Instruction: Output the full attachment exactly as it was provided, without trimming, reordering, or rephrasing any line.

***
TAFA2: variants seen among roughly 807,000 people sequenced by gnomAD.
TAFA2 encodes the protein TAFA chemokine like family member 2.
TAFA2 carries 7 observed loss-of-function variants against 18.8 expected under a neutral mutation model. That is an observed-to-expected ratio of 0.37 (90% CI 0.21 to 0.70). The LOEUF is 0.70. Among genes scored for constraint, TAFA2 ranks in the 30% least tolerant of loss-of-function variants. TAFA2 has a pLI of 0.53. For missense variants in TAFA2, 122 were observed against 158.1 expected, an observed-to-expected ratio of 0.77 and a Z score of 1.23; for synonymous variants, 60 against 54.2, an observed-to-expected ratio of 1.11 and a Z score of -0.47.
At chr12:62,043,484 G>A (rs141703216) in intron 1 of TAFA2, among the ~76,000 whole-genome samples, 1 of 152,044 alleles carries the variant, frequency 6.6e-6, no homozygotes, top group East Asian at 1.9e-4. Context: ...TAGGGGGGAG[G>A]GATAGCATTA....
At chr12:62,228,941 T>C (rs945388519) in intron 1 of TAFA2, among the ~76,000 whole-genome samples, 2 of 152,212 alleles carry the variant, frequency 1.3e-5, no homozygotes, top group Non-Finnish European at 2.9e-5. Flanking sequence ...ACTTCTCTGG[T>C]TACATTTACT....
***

TAFA2: variants seen among roughly 807,000 people sequenced by gnomAD.
TAFA2 encodes the protein TAFA chemokine like family member 2.
TAFA2 carries 7 observed loss-of-function variants against 18.8 expected under a neutral mutation model. That is an observed-to-expected ratio of 0.37 (90% CI 0.21 to 0.70). The LOEUF is 0.70. Among genes scored for constraint, TAFA2 ranks in the 30% least tolerant of loss-of-function variants. TAFA2 has a pLI of 0.53. For missense variants in TAFA2, 122 were observed against 158.1 expected, an observed-to-expected ratio of 0.77 and a Z score of 1.23; for synonymous variants, 60 against 54.2, an observed-to-expected ratio of 1.11 and a Z score of -0.47.
At chr12:62,043,484 G>A (rs141703216) in intron 1 of TAFA2, among the ~76,000 whole-genome samples, 1 of 152,044 alleles carries the variant, frequency 6.6e-6, no homozygotes, top group East Asian at 1.9e-4. Context: ...TAGGGGGGAG[G>A]GATAGCATTA....
At chr12:62,228,941 T>C (rs945388519) in intron 1 of TAFA2, among the ~76,000 whole-genome samples, 2 of 152,212 alleles carry the variant, frequency 1.3e-5, no homozygotes, top group Non-Finnish European at 2.9e-5. Flanking sequence ...ACTTCTCTGG[T>C]TACATTTACT....